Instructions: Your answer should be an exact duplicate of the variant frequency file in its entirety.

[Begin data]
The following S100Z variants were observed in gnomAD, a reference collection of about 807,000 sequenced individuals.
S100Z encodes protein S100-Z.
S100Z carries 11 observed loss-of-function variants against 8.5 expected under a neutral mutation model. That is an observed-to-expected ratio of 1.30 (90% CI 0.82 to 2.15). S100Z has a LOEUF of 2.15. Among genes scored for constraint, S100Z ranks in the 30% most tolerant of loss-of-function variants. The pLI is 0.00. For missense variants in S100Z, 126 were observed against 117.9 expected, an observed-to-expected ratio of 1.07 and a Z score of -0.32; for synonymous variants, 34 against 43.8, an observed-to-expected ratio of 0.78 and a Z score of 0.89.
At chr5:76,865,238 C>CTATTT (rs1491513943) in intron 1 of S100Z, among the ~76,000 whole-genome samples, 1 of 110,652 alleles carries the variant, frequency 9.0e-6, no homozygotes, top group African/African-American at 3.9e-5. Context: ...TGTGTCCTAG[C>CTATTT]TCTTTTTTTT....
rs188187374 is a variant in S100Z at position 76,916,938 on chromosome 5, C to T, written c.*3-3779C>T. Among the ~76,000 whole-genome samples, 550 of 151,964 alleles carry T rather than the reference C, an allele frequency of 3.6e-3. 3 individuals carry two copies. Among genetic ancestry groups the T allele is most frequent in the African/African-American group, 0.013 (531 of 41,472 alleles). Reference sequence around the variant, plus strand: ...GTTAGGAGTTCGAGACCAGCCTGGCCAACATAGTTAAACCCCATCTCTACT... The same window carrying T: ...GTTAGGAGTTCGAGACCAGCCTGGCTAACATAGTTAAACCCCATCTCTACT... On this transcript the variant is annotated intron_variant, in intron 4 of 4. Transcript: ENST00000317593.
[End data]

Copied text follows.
The following S100Z variants were observed in gnomAD, a reference collection of about 807,000 sequenced individuals.
S100Z encodes protein S100-Z.
S100Z carries 11 observed loss-of-function variants against 8.5 expected under a neutral mutation model. That is an observed-to-expected ratio of 1.30 (90% CI 0.82 to 2.15). S100Z has a LOEUF of 2.15. Among genes scored for constraint, S100Z ranks in the 30% most tolerant of loss-of-function variants. The pLI is 0.00. For missense variants in S100Z, 126 were observed against 117.9 expected, an observed-to-expected ratio of 1.07 and a Z score of -0.32; for synonymous variants, 34 against 43.8, an observed-to-expected ratio of 0.78 and a Z score of 0.89.
At chr5:76,865,238 C>CTATTT (rs1491513943) in intron 1 of S100Z, among the ~76,000 whole-genome samples, 1 of 110,652 alleles carries the variant, frequency 9.0e-6, no homozygotes, top group African/African-American at 3.9e-5. Context: ...TGTGTCCTAG[C>CTATTT]TCTTTTTTTT....
rs188187374 is a variant in S100Z at position 76,916,938 on chromosome 5, C to T, written c.*3-3779C>T. Among the ~76,000 whole-genome samples, 550 of 151,964 alleles carry T rather than the reference C, an allele frequency of 3.6e-3. 3 individuals carry two copies. Among genetic ancestry groups the T allele is most frequent in the African/African-American group, 0.013 (531 of 41,472 alleles). Reference sequence around the variant, plus strand: ...GTTAGGAGTTCGAGACCAGCCTGGCCAACATAGTTAAACCCCATCTCTACT... The same window carrying T: ...GTTAGGAGTTCGAGACCAGCCTGGCTAACATAGTTAAACCCCATCTCTACT... On this transcript the variant is annotated intron_variant, in intron 4 of 4. Transcript: ENST00000317593.